Half Human (1955)

Author: Patrick Galvan
January 11, 2016
Note: review may contain spoilers

As someone who passionately loves and cares about cinema and cinematic history, I am always a little bit saddened when I discover that a film has been classified as lost: that someone's story, whatever it might have been, will never again be put out for audiences to see and decipher. The making of a film—good or bad—is a difficult, obstacle-packed procedure in which individual artists must oftentimes struggle to maintain their vision. So I cannot help but feel bad when I learn those many, many hours were spent working on a now-destroyed piece of art. This is especially true in regards to Japanese cinema. According to author Catherine Russell, it is estimated that 96% of all silent Japanese movies have been lost forever. (An example: the venerable director Mikio Naruse made twenty-four silent movies in the early part of his career, and only five remain in existence today.) Furthermore, there have also been a few early sound Japanese films which were either hacked into fragmented form or sealed away from public consumption altogether. And both of these cruel, undeserving fates befell the film under discussion: Ishiro Honda's Half Human.

Half HumanThis was the first monster movie Honda made following the success of Godzilla (1954), in the dawn years of an era where the director juggled between science-fiction and more personal stories devoid of the presence of giant monsters and alien invaders. It's hard to say for sure due to the lack of regular availability of his entire career, but Half Human might be the closest Honda came to embracing imagination and reality in equal doses. Whereas Godzilla featured a monster more allegorical than plausible—one the director described as "equal to an atomic bomb"—the creature in Half Human was a yeti, a little larger than a man (although promotional images, like the one to the right, try to make him seem giant), vulnerable to gunfire, and hiding in the Japanese Alps. In short, a creature far more likely to exist than an indestructible fire-breathing behemoth. Add to that nice premise a fine cast re-teaming Akira Takarada and Momoko Kochi as young lovers entangled in a series of strange events. From that superficial description, the film sounds like a real winner in Honda's career.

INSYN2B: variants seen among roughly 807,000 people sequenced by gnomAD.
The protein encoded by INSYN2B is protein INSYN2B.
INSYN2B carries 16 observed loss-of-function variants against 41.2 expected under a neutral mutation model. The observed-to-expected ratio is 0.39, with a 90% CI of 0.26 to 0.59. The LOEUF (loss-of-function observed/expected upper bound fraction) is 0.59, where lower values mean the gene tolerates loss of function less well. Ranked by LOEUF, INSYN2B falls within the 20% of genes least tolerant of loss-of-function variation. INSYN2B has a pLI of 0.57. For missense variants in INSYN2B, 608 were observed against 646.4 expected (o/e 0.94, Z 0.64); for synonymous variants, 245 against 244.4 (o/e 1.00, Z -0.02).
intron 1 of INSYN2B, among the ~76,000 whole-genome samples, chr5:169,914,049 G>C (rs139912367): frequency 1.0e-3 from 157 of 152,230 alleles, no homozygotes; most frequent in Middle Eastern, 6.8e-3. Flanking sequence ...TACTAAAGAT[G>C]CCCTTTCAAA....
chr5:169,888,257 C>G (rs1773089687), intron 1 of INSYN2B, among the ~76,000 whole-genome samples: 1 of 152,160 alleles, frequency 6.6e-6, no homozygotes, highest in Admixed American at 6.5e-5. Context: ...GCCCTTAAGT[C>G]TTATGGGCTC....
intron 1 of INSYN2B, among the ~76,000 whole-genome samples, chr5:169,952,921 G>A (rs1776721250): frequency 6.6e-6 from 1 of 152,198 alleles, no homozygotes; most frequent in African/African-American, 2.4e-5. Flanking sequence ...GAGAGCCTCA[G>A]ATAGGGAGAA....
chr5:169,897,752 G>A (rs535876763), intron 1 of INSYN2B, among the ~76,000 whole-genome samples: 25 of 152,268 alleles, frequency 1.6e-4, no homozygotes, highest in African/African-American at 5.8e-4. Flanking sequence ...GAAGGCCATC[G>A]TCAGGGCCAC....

However, as many know by now, Half Human would go down in tokusatsu history as one of Honda's lost projects. The studio withdrew the film from distribution, and—adding insult to injury—the only commercially available print is a justifiably despised American re-edit called Half Human: The Story of the Abominable Snowman. The worst of both worlds, it would seem.